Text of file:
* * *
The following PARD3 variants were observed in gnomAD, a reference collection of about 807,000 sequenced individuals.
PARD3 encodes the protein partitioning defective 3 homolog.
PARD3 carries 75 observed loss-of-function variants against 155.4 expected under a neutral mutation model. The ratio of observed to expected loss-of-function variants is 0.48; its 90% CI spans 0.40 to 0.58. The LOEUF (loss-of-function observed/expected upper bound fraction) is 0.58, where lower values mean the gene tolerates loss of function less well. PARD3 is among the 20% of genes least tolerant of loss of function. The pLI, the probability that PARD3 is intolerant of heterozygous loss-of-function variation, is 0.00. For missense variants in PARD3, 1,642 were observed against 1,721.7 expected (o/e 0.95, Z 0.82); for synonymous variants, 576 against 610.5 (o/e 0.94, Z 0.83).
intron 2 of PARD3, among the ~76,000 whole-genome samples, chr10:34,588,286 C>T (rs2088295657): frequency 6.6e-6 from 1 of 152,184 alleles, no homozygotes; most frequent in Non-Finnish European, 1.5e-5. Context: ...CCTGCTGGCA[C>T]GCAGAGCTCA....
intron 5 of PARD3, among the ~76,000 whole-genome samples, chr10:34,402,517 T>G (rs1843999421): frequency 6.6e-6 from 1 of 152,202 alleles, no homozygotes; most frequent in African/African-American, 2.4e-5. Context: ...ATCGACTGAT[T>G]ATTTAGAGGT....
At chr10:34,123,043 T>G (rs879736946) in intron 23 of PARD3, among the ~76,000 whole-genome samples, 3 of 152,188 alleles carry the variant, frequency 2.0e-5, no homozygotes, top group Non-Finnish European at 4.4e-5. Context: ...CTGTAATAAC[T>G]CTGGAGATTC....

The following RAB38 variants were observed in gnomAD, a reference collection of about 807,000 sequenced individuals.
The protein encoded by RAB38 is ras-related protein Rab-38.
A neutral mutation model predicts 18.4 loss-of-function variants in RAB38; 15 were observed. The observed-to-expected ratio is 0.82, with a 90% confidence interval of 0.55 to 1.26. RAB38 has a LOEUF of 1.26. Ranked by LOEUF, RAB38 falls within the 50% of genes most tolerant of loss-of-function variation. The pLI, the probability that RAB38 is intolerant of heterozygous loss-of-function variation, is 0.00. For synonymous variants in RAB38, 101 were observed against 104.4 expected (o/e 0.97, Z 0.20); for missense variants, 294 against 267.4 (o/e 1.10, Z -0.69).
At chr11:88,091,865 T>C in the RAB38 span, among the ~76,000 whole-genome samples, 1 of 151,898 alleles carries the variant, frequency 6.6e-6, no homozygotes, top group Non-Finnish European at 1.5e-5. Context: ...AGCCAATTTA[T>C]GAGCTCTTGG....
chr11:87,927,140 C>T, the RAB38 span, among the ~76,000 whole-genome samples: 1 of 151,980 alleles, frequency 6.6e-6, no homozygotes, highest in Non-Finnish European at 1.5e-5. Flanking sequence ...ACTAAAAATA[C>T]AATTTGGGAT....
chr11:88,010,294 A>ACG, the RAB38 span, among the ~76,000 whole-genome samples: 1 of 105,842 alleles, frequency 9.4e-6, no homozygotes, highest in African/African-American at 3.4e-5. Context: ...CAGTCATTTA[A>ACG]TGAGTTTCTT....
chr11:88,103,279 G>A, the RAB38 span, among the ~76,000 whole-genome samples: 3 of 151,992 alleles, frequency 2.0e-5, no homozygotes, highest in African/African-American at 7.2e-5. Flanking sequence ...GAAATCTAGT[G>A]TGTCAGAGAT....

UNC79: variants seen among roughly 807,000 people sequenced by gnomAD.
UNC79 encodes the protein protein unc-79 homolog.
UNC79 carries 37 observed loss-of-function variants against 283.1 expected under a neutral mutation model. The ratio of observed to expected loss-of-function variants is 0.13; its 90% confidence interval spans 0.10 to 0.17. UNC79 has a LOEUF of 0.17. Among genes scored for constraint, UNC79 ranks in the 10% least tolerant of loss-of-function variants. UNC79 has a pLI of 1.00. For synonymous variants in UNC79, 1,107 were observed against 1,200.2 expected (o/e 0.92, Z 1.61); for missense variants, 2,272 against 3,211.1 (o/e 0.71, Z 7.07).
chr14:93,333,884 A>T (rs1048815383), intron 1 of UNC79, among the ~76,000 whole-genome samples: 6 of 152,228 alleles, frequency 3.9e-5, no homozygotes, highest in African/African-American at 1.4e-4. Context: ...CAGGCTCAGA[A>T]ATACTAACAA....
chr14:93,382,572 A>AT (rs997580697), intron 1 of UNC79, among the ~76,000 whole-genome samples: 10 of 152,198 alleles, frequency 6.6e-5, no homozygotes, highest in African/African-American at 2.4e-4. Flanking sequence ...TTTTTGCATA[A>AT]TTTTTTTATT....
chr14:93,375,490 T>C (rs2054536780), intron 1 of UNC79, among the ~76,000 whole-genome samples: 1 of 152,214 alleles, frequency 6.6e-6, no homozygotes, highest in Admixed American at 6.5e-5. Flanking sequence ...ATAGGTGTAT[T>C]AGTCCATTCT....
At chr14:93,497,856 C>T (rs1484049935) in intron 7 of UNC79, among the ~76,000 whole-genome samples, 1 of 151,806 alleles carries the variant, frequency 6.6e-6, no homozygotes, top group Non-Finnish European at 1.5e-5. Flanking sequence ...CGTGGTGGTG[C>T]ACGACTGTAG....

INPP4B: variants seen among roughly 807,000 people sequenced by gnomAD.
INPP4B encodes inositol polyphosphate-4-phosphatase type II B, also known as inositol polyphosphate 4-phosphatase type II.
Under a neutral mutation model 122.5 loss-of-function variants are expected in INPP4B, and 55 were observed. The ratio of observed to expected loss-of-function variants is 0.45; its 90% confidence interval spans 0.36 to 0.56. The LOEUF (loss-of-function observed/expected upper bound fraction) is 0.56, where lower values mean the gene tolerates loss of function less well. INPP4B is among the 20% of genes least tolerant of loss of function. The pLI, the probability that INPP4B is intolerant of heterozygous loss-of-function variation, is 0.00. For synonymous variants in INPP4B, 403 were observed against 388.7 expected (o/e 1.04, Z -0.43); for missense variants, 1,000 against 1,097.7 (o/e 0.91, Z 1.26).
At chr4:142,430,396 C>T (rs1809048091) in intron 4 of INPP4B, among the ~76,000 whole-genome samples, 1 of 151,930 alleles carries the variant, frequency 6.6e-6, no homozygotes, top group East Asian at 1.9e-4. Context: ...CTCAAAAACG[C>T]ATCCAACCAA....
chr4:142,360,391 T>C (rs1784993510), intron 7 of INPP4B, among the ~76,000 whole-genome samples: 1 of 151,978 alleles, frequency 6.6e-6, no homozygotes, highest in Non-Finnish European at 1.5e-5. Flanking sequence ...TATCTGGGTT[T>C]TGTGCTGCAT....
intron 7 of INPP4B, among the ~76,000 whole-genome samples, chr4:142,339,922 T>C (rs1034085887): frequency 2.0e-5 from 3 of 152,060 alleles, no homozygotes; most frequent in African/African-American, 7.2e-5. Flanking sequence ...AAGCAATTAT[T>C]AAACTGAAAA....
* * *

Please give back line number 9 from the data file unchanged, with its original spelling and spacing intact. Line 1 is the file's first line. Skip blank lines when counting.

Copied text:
A neutral mutation model predicts 18.4 loss-of-function variants in RAB38; 15 were observed. The observed-to-expected ratio is 0.82, with a 90% confidence interval of 0.55 to 1.26. RAB38 has a LOEUF of 1.26. Ranked by LOEUF, RAB38 falls within the 50% of genes most tolerant of loss-of-function variation. The pLI, the probability that RAB38 is intolerant of heterozygous loss-of-function variation, is 0.00. For synonymous variants in RAB38, 101 were observed against 104.4 expected (o/e 0.97, Z 0.20); for missense variants, 294 against 267.4 (o/e 1.10, Z -0.69).